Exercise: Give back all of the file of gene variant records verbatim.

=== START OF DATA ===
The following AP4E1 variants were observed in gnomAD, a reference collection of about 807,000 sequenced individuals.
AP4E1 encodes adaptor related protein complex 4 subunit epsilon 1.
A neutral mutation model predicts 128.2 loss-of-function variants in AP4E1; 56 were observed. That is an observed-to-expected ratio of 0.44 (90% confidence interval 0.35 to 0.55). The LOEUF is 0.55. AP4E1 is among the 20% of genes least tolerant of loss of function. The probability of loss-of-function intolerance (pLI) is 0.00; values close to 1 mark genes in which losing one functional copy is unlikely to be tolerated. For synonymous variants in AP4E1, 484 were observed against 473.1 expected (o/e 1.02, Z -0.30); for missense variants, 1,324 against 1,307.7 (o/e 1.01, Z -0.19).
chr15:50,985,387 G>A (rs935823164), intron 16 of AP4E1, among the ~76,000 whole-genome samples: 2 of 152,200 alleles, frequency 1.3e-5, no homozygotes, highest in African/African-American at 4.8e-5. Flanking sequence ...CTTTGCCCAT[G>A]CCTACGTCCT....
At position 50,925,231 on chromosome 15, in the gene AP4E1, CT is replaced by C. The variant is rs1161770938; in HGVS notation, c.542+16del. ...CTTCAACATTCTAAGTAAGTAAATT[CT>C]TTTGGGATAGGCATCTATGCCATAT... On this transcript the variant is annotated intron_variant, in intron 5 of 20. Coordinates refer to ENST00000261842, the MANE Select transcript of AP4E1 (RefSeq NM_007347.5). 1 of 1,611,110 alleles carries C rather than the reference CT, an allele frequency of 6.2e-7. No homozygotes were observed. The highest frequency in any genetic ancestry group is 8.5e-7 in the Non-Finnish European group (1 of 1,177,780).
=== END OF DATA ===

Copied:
The following AP4E1 variants were observed in gnomAD, a reference collection of about 807,000 sequenced individuals.
AP4E1 encodes adaptor related protein complex 4 subunit epsilon 1.
A neutral mutation model predicts 128.2 loss-of-function variants in AP4E1; 56 were observed. That is an observed-to-expected ratio of 0.44 (90% confidence interval 0.35 to 0.55). The LOEUF is 0.55. AP4E1 is among the 20% of genes least tolerant of loss of function. The probability of loss-of-function intolerance (pLI) is 0.00; values close to 1 mark genes in which losing one functional copy is unlikely to be tolerated. For synonymous variants in AP4E1, 484 were observed against 473.1 expected (o/e 1.02, Z -0.30); for missense variants, 1,324 against 1,307.7 (o/e 1.01, Z -0.19).
chr15:50,985,387 G>A (rs935823164), intron 16 of AP4E1, among the ~76,000 whole-genome samples: 2 of 152,200 alleles, frequency 1.3e-5, no homozygotes, highest in African/African-American at 4.8e-5. Flanking sequence ...CTTTGCCCAT[G>A]CCTACGTCCT....
At position 50,925,231 on chromosome 15, in the gene AP4E1, CT is replaced by C. The variant is rs1161770938; in HGVS notation, c.542+16del. ...CTTCAACATTCTAAGTAAGTAAATT[CT>C]TTTGGGATAGGCATCTATGCCATAT... On this transcript the variant is annotated intron_variant, in intron 5 of 20. Coordinates refer to ENST00000261842, the MANE Select transcript of AP4E1 (RefSeq NM_007347.5). 1 of 1,611,110 alleles carries C rather than the reference CT, an allele frequency of 6.2e-7. No homozygotes were observed. The highest frequency in any genetic ancestry group is 8.5e-7 in the Non-Finnish European group (1 of 1,177,780).